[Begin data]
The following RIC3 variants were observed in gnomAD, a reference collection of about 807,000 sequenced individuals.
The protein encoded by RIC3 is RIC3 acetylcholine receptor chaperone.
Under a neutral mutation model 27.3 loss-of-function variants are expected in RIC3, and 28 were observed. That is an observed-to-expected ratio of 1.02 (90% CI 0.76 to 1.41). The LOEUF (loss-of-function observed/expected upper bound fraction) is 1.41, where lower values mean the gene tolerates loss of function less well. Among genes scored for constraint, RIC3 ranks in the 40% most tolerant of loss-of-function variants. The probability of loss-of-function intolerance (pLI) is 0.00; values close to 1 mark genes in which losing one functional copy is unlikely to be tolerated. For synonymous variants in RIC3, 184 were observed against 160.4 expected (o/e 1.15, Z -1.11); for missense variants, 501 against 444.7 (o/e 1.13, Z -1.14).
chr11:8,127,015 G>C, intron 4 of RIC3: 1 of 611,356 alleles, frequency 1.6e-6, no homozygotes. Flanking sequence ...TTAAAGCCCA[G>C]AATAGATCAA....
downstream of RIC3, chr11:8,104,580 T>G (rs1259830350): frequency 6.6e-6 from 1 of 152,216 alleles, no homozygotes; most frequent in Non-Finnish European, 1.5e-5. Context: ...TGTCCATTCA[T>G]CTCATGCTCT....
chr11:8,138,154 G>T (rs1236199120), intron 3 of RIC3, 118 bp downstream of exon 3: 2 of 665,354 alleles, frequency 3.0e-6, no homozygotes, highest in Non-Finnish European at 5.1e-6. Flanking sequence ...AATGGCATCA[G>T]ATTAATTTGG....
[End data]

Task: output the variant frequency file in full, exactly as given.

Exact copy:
The following RIC3 variants were observed in gnomAD, a reference collection of about 807,000 sequenced individuals.
The protein encoded by RIC3 is RIC3 acetylcholine receptor chaperone.
Under a neutral mutation model 27.3 loss-of-function variants are expected in RIC3, and 28 were observed. That is an observed-to-expected ratio of 1.02 (90% CI 0.76 to 1.41). The LOEUF (loss-of-function observed/expected upper bound fraction) is 1.41, where lower values mean the gene tolerates loss of function less well. Among genes scored for constraint, RIC3 ranks in the 40% most tolerant of loss-of-function variants. The probability of loss-of-function intolerance (pLI) is 0.00; values close to 1 mark genes in which losing one functional copy is unlikely to be tolerated. For synonymous variants in RIC3, 184 were observed against 160.4 expected (o/e 1.15, Z -1.11); for missense variants, 501 against 444.7 (o/e 1.13, Z -1.14).
chr11:8,127,015 G>C, intron 4 of RIC3: 1 of 611,356 alleles, frequency 1.6e-6, no homozygotes. Flanking sequence ...TTAAAGCCCA[G>C]AATAGATCAA....
downstream of RIC3, chr11:8,104,580 T>G (rs1259830350): frequency 6.6e-6 from 1 of 152,216 alleles, no homozygotes; most frequent in Non-Finnish European, 1.5e-5. Context: ...TGTCCATTCA[T>G]CTCATGCTCT....
chr11:8,138,154 G>T (rs1236199120), intron 3 of RIC3, 118 bp downstream of exon 3: 2 of 665,354 alleles, frequency 3.0e-6, no homozygotes, highest in Non-Finnish European at 5.1e-6. Flanking sequence ...AATGGCATCA[G>T]ATTAATTTGG....